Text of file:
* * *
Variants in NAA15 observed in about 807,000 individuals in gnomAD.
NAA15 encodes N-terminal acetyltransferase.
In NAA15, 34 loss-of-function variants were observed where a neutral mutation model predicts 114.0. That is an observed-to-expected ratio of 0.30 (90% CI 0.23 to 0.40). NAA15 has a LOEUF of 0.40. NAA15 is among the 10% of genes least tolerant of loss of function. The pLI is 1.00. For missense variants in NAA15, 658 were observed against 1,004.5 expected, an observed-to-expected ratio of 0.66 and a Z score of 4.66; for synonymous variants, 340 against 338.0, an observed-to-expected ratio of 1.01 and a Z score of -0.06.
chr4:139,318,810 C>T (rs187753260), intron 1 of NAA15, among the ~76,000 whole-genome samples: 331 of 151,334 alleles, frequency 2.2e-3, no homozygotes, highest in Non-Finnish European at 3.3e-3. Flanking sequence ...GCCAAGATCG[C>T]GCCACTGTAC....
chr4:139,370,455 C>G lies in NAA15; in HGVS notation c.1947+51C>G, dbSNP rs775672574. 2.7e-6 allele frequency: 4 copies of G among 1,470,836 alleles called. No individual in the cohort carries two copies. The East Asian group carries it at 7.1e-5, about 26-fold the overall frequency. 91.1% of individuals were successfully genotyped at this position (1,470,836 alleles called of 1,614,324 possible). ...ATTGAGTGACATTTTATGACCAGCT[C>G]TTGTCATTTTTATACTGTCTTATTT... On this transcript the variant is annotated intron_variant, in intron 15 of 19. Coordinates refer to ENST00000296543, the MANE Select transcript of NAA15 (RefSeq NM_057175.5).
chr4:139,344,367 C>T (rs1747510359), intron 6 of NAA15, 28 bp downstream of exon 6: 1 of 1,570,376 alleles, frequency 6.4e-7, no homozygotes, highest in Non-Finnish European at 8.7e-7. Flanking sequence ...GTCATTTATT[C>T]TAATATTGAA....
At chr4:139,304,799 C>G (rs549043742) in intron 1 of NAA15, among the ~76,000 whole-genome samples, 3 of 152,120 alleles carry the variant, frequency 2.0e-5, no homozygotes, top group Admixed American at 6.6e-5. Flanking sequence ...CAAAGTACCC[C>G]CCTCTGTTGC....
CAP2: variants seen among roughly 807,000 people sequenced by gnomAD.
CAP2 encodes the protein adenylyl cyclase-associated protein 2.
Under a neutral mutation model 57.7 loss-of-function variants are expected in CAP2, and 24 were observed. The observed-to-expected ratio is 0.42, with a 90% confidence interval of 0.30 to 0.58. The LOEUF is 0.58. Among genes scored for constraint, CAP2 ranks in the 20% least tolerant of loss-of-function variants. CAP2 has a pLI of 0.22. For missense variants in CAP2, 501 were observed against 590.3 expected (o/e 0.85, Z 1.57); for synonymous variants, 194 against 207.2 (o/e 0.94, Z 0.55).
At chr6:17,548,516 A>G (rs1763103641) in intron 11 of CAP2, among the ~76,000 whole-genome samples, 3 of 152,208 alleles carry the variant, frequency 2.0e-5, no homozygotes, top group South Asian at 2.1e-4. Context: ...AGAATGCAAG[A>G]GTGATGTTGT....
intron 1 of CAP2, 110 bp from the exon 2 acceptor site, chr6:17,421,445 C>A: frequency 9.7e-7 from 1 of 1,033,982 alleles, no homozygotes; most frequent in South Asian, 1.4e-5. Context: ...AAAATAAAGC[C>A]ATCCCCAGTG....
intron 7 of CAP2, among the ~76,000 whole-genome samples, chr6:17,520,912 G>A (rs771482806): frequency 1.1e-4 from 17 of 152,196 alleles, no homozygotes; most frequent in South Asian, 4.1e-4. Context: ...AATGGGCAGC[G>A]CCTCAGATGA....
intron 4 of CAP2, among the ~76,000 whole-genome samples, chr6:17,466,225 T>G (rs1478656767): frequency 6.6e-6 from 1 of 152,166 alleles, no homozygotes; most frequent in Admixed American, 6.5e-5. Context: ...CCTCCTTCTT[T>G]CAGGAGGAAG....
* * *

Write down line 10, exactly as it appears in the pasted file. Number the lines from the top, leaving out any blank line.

Under a neutral mutation model 57.7 loss-of-function variants are expected in CAP2, and 24 were observed. The observed-to-expected ratio is 0.42, with a 90% confidence interval of 0.30 to 0.58. The LOEUF is 0.58. Among genes scored for constraint, CAP2 ranks in the 20% least tolerant of loss-of-function variants. CAP2 has a pLI of 0.22. For missense variants in CAP2, 501 were observed against 590.3 expected (o/e 0.85, Z 1.57); for synonymous variants, 194 against 207.2 (o/e 0.94, Z 0.55).